DACA-Mexico Origin Students in the United States-Mexican Borderlands: Persistence, Belonging, and College Climate

DACA-Mexico Origin Students in the United States-Mexican Borderlands: Persistence, Belonging, and College Climate

Maggie Dominguez (University of Phoenix, USA) and Miriam L. Frolow (University of Phoenix, USA)
Copyright: © 2020 |Pages: 26
DOI: 10.4018/978-1-7998-2783-2.ch002

Abstract

The Deferred Action for Childhood Arrivals (DACA) Program enabled more than 700,000 undocumented youth and young adults since 2012 the chance to have a lawful presence in the United States for a 2-year renewable period. With DACA status, college students could have access to financial aid and possibly in-state tuition, as well as opportunities to work legally. A correlational study was conducted in 2016-2017 with 30 DACA college students of Mexican Origin who were residing in California, Texas, Arizona, and New Mexico. They completed an anonymous online survey about their intent to persist to degree completion, their views on the college climate for diversity, and their sense of belonging on campus. The results of the study confirm the need for higher education faculty and staff to provide services and resources and to build trust with this vulnerable student population.
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Introduction

Undocumented immigrants in the United States have been consistently brought into the ongoing anti-immigration debates at all levels of government, in the courts, media, and society, and on college campuses for the past few decades. The high points included the United States Supreme Court decisions in favor of undocumented immigrants receiving a public school education, California and Texas providing in-state tuition benefits for colleges and universities to undocumented students, and the implementation of the Deferred Action for Childhood Arrivals (DACA) program. The low points came when the media portrayed them as “illegal” and therefore unworthy of government or societal support and the DACA program was halted. In between these events, the voices of young adults started to be heard as undocumented and DACA individuals told their stories, while advocating for the ability to follow the American dream of continuing to be a contributing member of society.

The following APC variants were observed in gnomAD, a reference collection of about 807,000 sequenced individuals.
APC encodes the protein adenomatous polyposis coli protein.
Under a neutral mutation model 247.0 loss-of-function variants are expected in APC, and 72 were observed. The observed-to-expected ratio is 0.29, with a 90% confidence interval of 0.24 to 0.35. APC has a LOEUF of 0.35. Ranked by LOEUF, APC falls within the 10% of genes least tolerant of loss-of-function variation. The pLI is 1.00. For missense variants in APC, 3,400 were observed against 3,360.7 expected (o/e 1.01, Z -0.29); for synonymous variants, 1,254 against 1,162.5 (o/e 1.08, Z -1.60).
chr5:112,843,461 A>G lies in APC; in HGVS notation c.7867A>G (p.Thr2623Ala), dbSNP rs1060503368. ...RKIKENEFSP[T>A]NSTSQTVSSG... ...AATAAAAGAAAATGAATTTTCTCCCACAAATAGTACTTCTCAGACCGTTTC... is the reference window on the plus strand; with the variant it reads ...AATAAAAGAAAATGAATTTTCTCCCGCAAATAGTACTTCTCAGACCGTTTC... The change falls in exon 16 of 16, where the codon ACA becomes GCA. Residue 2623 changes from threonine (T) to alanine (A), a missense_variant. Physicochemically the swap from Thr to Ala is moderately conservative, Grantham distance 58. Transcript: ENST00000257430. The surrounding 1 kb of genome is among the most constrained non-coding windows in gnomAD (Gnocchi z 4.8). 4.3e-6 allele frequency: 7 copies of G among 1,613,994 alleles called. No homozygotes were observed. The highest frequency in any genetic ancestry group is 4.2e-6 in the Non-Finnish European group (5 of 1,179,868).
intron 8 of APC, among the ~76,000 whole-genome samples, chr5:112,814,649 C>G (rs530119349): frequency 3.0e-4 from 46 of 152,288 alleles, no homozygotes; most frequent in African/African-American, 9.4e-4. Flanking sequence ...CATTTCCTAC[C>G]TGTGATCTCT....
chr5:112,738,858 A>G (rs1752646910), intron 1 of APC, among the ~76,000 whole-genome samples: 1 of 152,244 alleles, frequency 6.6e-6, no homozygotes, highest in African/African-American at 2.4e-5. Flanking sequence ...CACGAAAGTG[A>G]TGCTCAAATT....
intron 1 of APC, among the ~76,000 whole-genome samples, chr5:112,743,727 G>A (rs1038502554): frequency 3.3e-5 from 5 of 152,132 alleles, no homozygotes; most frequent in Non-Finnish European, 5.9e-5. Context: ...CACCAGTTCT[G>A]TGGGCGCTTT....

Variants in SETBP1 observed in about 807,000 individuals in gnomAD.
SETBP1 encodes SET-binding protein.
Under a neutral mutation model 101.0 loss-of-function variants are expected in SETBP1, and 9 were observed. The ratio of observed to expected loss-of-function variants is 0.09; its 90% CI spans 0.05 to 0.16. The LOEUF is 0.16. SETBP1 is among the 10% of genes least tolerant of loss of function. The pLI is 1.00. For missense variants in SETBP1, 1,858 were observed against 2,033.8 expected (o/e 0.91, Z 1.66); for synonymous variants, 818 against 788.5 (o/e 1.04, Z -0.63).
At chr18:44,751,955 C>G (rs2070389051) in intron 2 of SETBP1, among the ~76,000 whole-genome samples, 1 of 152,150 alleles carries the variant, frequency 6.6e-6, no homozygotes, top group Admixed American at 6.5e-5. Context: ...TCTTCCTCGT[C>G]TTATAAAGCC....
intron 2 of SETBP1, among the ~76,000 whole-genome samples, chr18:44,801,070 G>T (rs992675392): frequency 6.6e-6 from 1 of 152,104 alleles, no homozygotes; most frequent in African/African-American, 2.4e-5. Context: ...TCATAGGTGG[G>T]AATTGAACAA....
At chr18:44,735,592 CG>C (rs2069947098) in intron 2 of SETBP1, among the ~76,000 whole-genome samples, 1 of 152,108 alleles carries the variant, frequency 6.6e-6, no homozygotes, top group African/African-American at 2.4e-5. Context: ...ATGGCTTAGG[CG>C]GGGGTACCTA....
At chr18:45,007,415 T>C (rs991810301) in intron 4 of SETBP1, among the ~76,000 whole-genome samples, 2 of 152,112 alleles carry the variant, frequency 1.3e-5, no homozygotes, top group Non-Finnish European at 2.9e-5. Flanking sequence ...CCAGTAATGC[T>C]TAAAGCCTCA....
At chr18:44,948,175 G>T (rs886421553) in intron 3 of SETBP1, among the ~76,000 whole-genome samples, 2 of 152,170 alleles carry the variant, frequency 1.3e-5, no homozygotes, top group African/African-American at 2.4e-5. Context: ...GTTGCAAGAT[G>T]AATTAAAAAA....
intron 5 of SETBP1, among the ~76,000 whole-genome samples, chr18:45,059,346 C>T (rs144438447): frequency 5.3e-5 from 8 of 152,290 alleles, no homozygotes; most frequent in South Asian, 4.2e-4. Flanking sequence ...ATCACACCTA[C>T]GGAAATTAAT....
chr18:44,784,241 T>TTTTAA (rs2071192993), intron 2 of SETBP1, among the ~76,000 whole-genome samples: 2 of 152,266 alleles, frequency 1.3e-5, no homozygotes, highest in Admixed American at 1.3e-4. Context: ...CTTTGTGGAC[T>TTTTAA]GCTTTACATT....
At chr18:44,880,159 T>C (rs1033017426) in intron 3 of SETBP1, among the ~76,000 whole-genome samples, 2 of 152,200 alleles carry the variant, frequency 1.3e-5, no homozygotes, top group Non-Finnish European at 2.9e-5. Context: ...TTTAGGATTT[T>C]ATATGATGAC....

Anti-immigrant sentiment in the United States heightened in 2017 when President Donald Trump decided to rescind the DACA program that President Barak Obama introduced as executive order in 2012 (Beckwith, 2017; Muñoz, 2019). This decision continues to have a profound influence on the undocumented and DACA college student population on campuses nationwide. Luna and Ireland (2019) state, “The Trump era is marked by fear, uncertainty, and perpetual limbo as the topic of immigration reform is batted between the executive office, Congress, and judicial rulings, no closer to a clear direction” (p.196). This current political climate with anti-immigrant rhetoric has jeopardized the mental health and safety of undocumented students with DACA status (Muñoz, Vigil, Jach, & Rodriguez-Gutierrez, 2018). At the same time, this vulnerable population has begun to find advocates and support networks in the form of faculty, staff, and student organizations aimed at counteracting the negativity that undocumented and DACA students encounter.

Historical and current problems that undocumented students face in the United States are access to higher education, difficulty persisting to degree completion, and the misfortune of dealing with social stigmas and social exclusion (Gildersleeve & Ranero, 2010; Lopez & Lopez, 2010; Muñoz et al., 2018; Pérez, 2012; Pérez & Cortés, 2011). This population includes young adults and college students who continue to have a temporary status that prevents them from being deported through the DACA program, even though the program has been halted and debated at all levels of government, as well as by the media and in court. More than 90 college and university presidents signed a petition in 2016 to continue and expand the DACA program in an effort to increase their support for their DACA students (Muñoz, 2019; Redden, 2016). This public support gave others in higher education the courage to find ways to be proactive in providing a safe and welcoming environment for this vulnerable student population.